I was overcome with nostalgia when I saw the pictures, and wondered, “What causes us to be nostalgic? What is that warm feeling we get when we recall a memory from our childhood?”
I plan to devote an hour of a future show to exploring the subject, but for now here is an interesting article I read while doing research for that future show. Keep in mind the article is written from an evolutionary perspective, but it has some interesting information nonetheless.
Smietana targets not only pro-American organizations who are leading the charge against radical Islam, but he also slams conservative Christians, implying that both “portray themselves as patriots,” but in reality its just about money.
Steven Emerson has 3,390,000 reasons to fear Muslims.That’s how many dollars Emerson’s for-profit company — Washington-based SAE Productions — collected in 2008 for researching alleged ties between American Muslims and overseas terrorism. The payment came from the Investigative Project on Terrorism Foundation, a nonprofit charity Emerson also founded, which solicits money by telling donors they’re in imminent danger from Muslims.
Emerson is a leading member of a multimillion-dollar industry of self-proclaimed experts who spread hate toward Muslims in books and movies, on websites and through speaking appearances
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While large organizations like [Steven] Emerson’s aren’t the norm, other local and national entrepreneurs cash in on spreading hate and fear about Islam.
What is shocking about the piece is Smietana defining these organizations as nonprofits acting as “front organizations.” While there is overwhelming evidence that many Mosques in America are indeed front organizations for terrorism, Smietana believes we have more to fear from patriotic Americans than we do the real enemy who flew planes into our buildings on 9/11.
Nobody needs feel shame to be a Republican, because when it came time to confront the original sin of the nation—slavery—the Republican Party was on the Lord’s side. In the great battle of my time, the war against communist tyranny, the Republican Party led in the defense of free markets and freedom of thought.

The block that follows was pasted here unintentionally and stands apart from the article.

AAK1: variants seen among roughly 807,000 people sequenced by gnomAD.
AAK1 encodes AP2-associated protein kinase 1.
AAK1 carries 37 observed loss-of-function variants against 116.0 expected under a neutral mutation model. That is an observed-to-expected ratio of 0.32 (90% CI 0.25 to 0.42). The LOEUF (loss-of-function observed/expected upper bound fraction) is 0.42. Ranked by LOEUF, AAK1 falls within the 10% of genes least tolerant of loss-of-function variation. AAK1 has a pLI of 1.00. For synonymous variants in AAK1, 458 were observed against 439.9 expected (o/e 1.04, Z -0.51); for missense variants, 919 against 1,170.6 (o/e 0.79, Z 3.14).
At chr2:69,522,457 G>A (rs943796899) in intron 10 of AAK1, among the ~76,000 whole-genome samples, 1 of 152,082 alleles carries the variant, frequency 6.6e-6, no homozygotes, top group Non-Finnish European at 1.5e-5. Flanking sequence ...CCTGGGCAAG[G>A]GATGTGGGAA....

The Republican Party has always been the party of Evangelicals. Lincoln was elected by appealing to our beliefs and this has not changed in one hundred and fifty years.
No Christian puts his trust in princes. We remember that no earthly party is God’s party, because He is never a Republican or Democrat, being a committed monarchist. No Christian votes simply for party, but is open to good men and women where ever they may be found. We are, at all times, first subjects of Christendom and only secondarily citizens of this Republic.
But King Jesus has not yet come to rule and reign on the Earth and so we must go on living in anticipation of His coming. We live this side of Paradise and so have to spend centuries developing a political philosophy.
The philosophy we develop might be wrong, so we hold it more loosely than doctrine. We know other Christians have not yet given up on socialism or a bigger government than we are willing to tolerate. It is not so much their goals we attack, but their means. We long to help the poor and believe in universal health care, but believe that bigger government will do neither well and will hurt our freedoms.
We would give all our money in taxes if we thought it would end poverty, but have seen that it only enriches the state at the cost of liberty. We create statist masters and the poor are with us always.
John Mark Reynolds is the founder and director of the Torrey Honors Institute, and Professor of Philosophy at Biola University. In 1996 he received his Ph.D. in Philosophy from the University of Rochester. John Mark Reynolds can be found blogging regularly atScriptorium Daily.
Two kinds of worshippers often show up at church on any given Sunday: those who believe the worship of God requires solemness and seriousness and no show of emotion versus those who believe in expressions of great joy, raising of hands, maybe even shouting. In his commentary on Psalm 95, Spurgeon says there should be a balance of both.
It is to be feared that very much even of religious singing is not unto the Lord but unto the care of the congregation: above all things we must in our service of song take care that all we offer is with the heart’s sincerest and most fervent intent directed toward the Lord himself. Let us make a joyful noise to the rock of our salvation. With holy enthusiasm let us sing, making a sound which shall indicate our earnestness; with abounding joy let us lift up our voices, actuated by that happy and peaceful spirit which trustful love is sure to foster.
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We should shout as exultingly as those do who triumph in war, and as solemnly as those whose utterance is a psalm. It is not always easy to unite enthusiasm with reverence, and it is a frequent fault to destroy one of these qualities while straining after the other. The perfection of singing is that which unites joy with gravity, exultation with humility, fervency with sobriety. The invitation given in the first verse (Ps 95:1) is thus repeated in the second (Ps 95:2) with the addition of directions, which indicate more fully the intent of the writer. One can imagine David in earnest tones persuading his people to go up with him to the worship of Jehovah with sound of harp and hymn, and holy delight. The happiness of his exhortation is noteworthy, the noise is to be joyful; this quality he insists upon twice. It is to be feared that this is too much overlooked in ordinary services, people are so impressed with the idea that they ought to be serious that they put on the aspect of misery, and quite forget that joy is as much a characteristic of true worship as solemnity itself.